This is a guest post by Dan Lauer.

“As a young man, my grandfather gave me some advice: ‘Get with a good company, and stay for 40 years,'” said Charlie Hoffman, dean of the UMSL College of Business. “Those who did that are now finding themselves in their late 50s — at the edge of retirement and bored. These are successful people who’ve realized they’re not done growing and learning. They’re looking for more.”


They’re not alone in that thinking. Seventy percent of Americans dislike their jobs, and 73 percent of 30-somethings would prefer to change careers. Professionals who’ve worked in their industries for decades have plenty of real-world experience, but new technologies, new strategies, and history lessons on how others have succeeded in their industries can empower them to bring new insights back to their organizations.


I know, because I’ve been there. I started my company, Lauer Toys Inc., in 1988. Twenty-five years later, I remained at the head of the company, but something was missing. By collaborating with Hoffman and other leaders at UMSL, I was able to pivot late in my career to do what I loved: work with aspiring entrepreneurs, innovators, and inventors at UMSL Accelerate.


For many professionals and entrepreneurs, a return to the classroom hasn’t even crossed their minds. I understand why, of course. Traditional doctorate and master’s programs take several years to complete. Dissertations require heavy amounts of research, and all the while, the outside world continues to churn along.


Fortunately, new programs aimed at regular people with existing careers don’t just deliver paper degrees. While 74 percent of graduating college students feel unprepared to work, entrepreneurial programs and others designed for experienced professionals provide training immediately applicable in the real world. These programs empower returning students to discover where their skills and passions intersect — then turn that path into reality.


Why, where, how?


Young professionals and veteran business owners alike can achieve great things through a second stint at a university.


Workers with graduate degrees outearn their peers who have bachelor’s degrees. Intensive courses with knowledgeable professors do more than boost résumés — these experiences teach professionals relevant skills that help them not only do more for their workplaces, but also get more out of their professional lives in the long term.


Those considering a career change can make a pit stop at a university before taking the plunge. New adventures offer new opportunities, and education provides a basis of knowledge to make the transition as seamless as possible.


That education may come in the form of going back to school full time. But it doesn’t have to: Entrepreneurship certificates, such as the one we offer at UMSL Accelerate, short-term programs, and weekend courses can all help professionals leverage higher education into a better, more satisfying career.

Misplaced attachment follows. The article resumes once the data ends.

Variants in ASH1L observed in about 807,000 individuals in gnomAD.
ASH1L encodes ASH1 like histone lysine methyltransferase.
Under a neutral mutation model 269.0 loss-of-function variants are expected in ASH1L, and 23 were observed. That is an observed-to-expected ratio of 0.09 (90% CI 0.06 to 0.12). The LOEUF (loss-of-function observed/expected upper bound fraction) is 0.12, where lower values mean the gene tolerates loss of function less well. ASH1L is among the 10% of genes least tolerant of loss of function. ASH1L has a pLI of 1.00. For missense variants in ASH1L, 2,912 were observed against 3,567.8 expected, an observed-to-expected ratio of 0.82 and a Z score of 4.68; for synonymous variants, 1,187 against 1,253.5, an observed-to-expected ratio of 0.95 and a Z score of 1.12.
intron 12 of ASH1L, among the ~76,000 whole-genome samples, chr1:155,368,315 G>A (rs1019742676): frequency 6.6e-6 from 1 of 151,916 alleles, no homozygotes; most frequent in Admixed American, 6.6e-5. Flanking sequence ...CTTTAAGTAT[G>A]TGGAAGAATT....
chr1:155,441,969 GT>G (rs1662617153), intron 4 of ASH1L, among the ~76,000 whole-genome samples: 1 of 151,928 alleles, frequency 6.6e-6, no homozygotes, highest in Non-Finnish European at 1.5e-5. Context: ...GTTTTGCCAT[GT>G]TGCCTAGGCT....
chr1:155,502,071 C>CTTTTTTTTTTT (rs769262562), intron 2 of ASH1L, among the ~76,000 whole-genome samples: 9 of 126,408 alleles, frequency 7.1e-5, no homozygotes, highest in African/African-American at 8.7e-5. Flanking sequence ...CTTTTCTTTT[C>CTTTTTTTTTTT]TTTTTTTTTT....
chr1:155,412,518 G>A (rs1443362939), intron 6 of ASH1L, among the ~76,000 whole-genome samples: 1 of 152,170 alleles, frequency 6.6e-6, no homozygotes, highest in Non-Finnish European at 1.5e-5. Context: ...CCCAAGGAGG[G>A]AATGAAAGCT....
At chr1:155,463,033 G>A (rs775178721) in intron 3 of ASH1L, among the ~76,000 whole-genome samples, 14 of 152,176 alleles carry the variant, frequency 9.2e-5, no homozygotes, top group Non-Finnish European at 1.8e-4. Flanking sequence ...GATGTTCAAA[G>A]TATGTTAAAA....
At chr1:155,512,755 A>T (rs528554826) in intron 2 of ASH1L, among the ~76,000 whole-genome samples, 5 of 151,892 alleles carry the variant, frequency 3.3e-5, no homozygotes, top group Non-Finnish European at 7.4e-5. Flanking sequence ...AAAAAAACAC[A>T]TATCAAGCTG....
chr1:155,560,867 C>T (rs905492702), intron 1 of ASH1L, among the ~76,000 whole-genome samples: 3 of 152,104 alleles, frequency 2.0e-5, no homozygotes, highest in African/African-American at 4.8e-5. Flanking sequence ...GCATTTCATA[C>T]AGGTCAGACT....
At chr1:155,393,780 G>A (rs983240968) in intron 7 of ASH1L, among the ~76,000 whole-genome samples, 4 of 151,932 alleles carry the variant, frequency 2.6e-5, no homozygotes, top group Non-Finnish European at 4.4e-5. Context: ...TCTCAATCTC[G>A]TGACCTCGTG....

Is a return to school right for you?


Not everyone is ready to change industries or make a move toward career advancement. But for those who are, higher education can make the difference between an unsuccessful move and a dream job.


Follow these steps before taking the plunge:


OneUnderstand your goals.

Do you want to advance in your current career or move from architecture to ballet? Consider not only your professional goals, but also your personal ones. What do you want your life to look like in 10 years? Think about factors like salary, working hours, responsibilities, personal satisfaction, and growth opportunities.


“We have a CEO in our current cohort who’s on a secure plan to earn his doctorate of business administration (DBA),” said Hoffman. “He’s been CEO for six years and wants to do something else now for the rest of his life. This is a good way to change careers and be qualified for something else that he might want to do.”


twoIdentify your passion.

Even if your goals are aligned with your chosen field, your passion could lie elsewhere. You might be fine holding a director role at a finance company, but if you’d prefer to hold the same role at a marketing agency, why not switch now? Your existing experience will prove valuable down the line, and new educational opportunities will help you prepare for the challenges that come with switching industries.


threeResearch potential schools.

After you decide what you want from your new education, research universities that offer programs in your selected field. Take into account the different methodologies, curriculum, and time frame of completion.


“The courses in our DBA program at UMSL are very intense,” said Hoffman. “But the cool thing about that is students bring their own stories to the classroom. So they’re working on real problems that they’re facing at work. They’ll learn as much from each other over the three years as they will from the professors.”


Next time you consider changing careers, moving up the ladder, or building a stronger company, consider the value of furthering your education. Whether you graduated a few years ago or a few decades ago, a deeper education can open new doors.


About the guest post author:

Dan Lauer is the founding executive director of UMSL Accelerate, an initiative that fosters innovation and entrepreneurship in and outside the classroom and helps bring concepts from mind to market. Dan is a long-standing, successful entrepreneur who’s founded multiple companies, including Lauer Toys Inc., best known for the Waterbabies® line, which has enjoyed 26 years of continuous distribution and 23 million units sold. Through the UMSL Accelerate, he serves as a catalyst for developing a vibrant ecosystem of students, faculty, and community to inspire innovation and advocate for entrepreneurship.